A boater capsizes in icy water at a play wave on Souadabscook Stream in Hampden during a recent Penobscot Paddle and Chowder Society outing. Credit: Courtesy of Ron Chase

For more than four decades, I’ve looked forward to spring whitewater paddling. For me, the exciting rapids announce the most dramatic seasonal change of all.

Each year beginning in March, my outdoor club, the Penobscot Paddle and Chowder Society, provides the opportunity and impetus to realize that aspiration with a comprehensive schedule of whitewater trips.

Again this spring, Souadabscook Stream in Hampden was one of our earliest outings. Nicknamed the “icebreaker trip” by trip coordinator Eggman DeCoster, there was no ice on the stream, but the water was frigid.

Eleven intrepid “Chowderheads” tested their skills on Class II/III whitewater with a Class IV waterfall, Grand Falls. Substantial age diversity was represented in the group that included three teenagers and one ancient mariner — that would be me.

Members of the Penobscot Paddle and Chowder Society (left) launch on Souadabscook Stream in Hampden. A tandem canoe team (top right) from the Penobscot Paddle and Chowder Society runs a rapid on Souadabscook Stream. A paddler (bottom right) plunges down Grand Falls. Credit: Courtesy of Ron Chase

We consisted of six kayakers, two solo canoeists, a tandem canoe team and a single-blade paddler in a decked boat called a C-1. All were well-equipped for ice-cold water, most wearing dry suits, while a handful sought protection with dry tops and paddle pants. Helmets and lifejackets are required on all Penobscot Paddle & Chowder Society whitewater trips.

A painted gauge on the bridge abutment below Emerson Mill Falls indicated the stream was flowing slightly under a medium level, perfect for an early spring excursion. We launched above a pushy Class II rapid a little upstream of Manning Mill Bridge. When I descended the circuitous route in my kayak, an icy wave broke over my head, a frosty reminder that this was not a day for rolling practice.

Soon after, Team Icebreaker arrived at a riverwide play wave. Eager participants determinedly practiced their surfing techniques. The C-1 boater flipped and missed his roll, experiencing the first ice cream headache of the day.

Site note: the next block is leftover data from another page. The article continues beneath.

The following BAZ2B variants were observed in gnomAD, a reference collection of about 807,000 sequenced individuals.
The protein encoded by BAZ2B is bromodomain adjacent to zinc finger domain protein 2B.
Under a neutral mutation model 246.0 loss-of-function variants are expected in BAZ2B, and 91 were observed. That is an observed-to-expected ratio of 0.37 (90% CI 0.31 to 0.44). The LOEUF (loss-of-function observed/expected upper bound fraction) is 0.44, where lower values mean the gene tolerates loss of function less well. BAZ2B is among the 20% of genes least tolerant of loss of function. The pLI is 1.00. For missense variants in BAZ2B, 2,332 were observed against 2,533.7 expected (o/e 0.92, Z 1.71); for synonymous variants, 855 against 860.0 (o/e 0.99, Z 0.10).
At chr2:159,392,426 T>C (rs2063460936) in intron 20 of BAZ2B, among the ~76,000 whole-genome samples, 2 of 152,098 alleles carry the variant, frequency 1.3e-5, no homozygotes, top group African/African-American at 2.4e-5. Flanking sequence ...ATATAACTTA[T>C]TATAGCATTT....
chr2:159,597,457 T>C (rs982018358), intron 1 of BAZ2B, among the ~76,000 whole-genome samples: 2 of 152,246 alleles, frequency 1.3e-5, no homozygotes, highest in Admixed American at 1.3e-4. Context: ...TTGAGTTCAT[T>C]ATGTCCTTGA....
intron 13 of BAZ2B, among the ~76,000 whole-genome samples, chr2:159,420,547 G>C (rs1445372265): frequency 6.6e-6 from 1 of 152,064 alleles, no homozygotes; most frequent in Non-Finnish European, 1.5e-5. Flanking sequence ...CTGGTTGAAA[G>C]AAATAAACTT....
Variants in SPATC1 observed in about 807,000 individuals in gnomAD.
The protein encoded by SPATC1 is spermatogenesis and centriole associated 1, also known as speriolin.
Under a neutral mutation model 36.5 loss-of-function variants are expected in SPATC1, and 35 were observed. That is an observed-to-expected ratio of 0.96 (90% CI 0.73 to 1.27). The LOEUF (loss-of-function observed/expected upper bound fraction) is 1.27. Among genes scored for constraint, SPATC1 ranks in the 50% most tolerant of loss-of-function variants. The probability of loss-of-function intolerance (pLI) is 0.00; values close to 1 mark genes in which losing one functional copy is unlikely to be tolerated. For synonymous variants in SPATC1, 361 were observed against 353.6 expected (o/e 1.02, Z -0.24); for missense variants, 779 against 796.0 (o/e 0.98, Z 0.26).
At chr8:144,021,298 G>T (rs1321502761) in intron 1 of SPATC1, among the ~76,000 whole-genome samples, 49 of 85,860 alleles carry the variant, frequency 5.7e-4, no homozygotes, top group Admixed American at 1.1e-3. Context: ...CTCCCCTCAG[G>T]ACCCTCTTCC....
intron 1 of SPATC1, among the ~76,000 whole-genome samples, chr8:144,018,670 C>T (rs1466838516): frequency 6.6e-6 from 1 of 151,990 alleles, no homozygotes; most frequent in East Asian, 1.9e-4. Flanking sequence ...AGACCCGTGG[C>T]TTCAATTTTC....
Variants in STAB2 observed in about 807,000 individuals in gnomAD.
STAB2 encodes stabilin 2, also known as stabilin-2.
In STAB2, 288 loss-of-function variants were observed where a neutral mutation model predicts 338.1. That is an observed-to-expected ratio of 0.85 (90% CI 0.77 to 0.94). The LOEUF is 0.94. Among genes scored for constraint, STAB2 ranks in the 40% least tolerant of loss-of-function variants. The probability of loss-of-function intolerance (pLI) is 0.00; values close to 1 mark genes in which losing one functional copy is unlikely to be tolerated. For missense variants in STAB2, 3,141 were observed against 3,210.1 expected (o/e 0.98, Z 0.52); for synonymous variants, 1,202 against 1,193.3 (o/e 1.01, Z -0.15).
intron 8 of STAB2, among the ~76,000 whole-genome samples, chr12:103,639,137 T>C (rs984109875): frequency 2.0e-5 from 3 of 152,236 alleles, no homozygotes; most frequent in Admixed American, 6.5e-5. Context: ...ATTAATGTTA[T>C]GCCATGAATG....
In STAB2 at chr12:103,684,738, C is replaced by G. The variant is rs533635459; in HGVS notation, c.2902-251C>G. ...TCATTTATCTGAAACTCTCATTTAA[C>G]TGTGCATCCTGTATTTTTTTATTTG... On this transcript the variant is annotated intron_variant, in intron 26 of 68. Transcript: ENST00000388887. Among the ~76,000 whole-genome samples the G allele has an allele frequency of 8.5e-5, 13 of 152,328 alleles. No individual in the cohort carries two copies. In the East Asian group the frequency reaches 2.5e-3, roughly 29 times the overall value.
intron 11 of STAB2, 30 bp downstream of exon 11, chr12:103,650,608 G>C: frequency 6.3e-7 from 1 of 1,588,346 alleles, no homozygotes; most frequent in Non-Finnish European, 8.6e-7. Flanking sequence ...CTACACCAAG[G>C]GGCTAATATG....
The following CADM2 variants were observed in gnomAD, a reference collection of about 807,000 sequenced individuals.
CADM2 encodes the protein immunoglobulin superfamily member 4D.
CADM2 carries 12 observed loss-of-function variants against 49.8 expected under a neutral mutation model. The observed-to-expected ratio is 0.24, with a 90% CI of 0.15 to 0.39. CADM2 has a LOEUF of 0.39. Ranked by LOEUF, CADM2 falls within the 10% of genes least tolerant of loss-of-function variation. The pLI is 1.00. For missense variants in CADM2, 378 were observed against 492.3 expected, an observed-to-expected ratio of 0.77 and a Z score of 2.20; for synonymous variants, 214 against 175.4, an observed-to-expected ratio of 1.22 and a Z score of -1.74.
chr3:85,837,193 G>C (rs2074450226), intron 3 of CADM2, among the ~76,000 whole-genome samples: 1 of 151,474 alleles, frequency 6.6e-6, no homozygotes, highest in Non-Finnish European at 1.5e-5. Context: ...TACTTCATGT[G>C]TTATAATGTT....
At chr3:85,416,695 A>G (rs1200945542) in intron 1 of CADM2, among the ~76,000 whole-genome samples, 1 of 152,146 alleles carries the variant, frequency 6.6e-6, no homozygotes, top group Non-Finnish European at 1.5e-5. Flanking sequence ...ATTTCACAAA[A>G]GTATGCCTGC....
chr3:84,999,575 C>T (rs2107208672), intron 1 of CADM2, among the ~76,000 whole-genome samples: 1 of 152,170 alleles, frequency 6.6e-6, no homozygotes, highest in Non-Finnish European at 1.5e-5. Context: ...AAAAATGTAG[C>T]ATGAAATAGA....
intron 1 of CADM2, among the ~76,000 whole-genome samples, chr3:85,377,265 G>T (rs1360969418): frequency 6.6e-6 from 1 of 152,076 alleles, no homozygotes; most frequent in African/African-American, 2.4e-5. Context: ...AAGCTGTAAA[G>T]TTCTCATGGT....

Following a plummet down the waves of Boy Scout Rapid, we approached a substantial ledge drop, Emerson Mill Falls. Most paddlers had clean descents but a solo canoeist capsized when attempting a turbulent passage on the left. Safety conscious Chowderheads were quick to affect rescue.

More surfing preceded Crawfords Falls, a technical Class III that everyone successfully navigated on the left. After negotiating feisty waves in Papermill Rapid, it was decision-making time: to paddle or walk Grand Falls.

One kayaker, a solo canoeist and a father-son tandem canoe team decided to take the plunge. The solo canoeist had a short swim at the bottom before executing a difficult self-rescue, while the others were triumphant. There were more thrills and spills before taking out at Route 1A in Hampden.

Each April, Souadabscook Stream is host to a demanding downstream canoe and kayak race. A chapter in my latest book, “Maine Al Fresco: The Fifty Finest Outdoor Adventures in Maine,” describes the challenges encountered by a tandem canoe team competing in the Junior/Senior Class.

A canoeist (left) with the Penobscot Paddle and Chowder Society maneuvers around a bridge abutment on Cobbossee Stream in Gardiner. Paddlers (top right) from the Penobscot Paddle and Chowder Society descend one of several culverts on Togus Stream in Randolph. Canoeist (bottom right) struggle to stay upright on the St. George River. Credit: Courtesy of Ron Chase

Three kayakers and two canoeists turned out for another Penobscot Paddle and Chowder Society favorite, Togus Stream in Chelsea and Randolph. I grew up playing along Togus Stream but never knew anyone who had paddled it until the club organized a trip there a few years ago. That day, we were confronted with a succession of exciting paddling obstacles when navigating the attenuated freshet.

Descending through large culverts, ducking under bridges and low-hanging branches, navigating numerous rapids, and portaging around dangerous impediments were some of our many exploits. I provided unintended entertainment, hand-paddling a rapid after accidentally dropping my kayak paddle while attempting to take photographs in a tiny eddy.

A few days later, five seniors not acting their ages met in Henniker, New Hampshire, to paddle the Contoocook River, one the most popular whitewater excursions in New England. We enjoyed an excellent water level while twice successfully maneuvering through the stimulating 2.5-mile course that included two difficult rapids, S-Turn and Freight Train.

A tandem canoe team descends Magog Chute on the St. George River. Credit: Courtesy of Ron Chase

Cobbossee Stream in Gardiner was the site of another exhilarating Penobscot Paddle and Chowder Society whitewater escapade. The water was high when four Chowderheads launched below a dam to begin the Class III outing. After they had surfed play waves and portaged around another dam, the excitement began in earnest with about a mile of non-stop action that required a complex move around a bridge abutment. One canoeist took a short swim but quickly completed a self-rescue.

Only a couple of weeks into spring and Chowderheads have already experienced a multitude of whitewater adventures. There’s much more to come!

Ron Chase, Outdoors Contributor

Ron Chase resides in Topsham. His latest book, “Maine Al Fresco: The Fifty Finest Outdoor Adventures in Maine” is now available at northcountrypress.com/maine-al-fresco.html. His previous books are...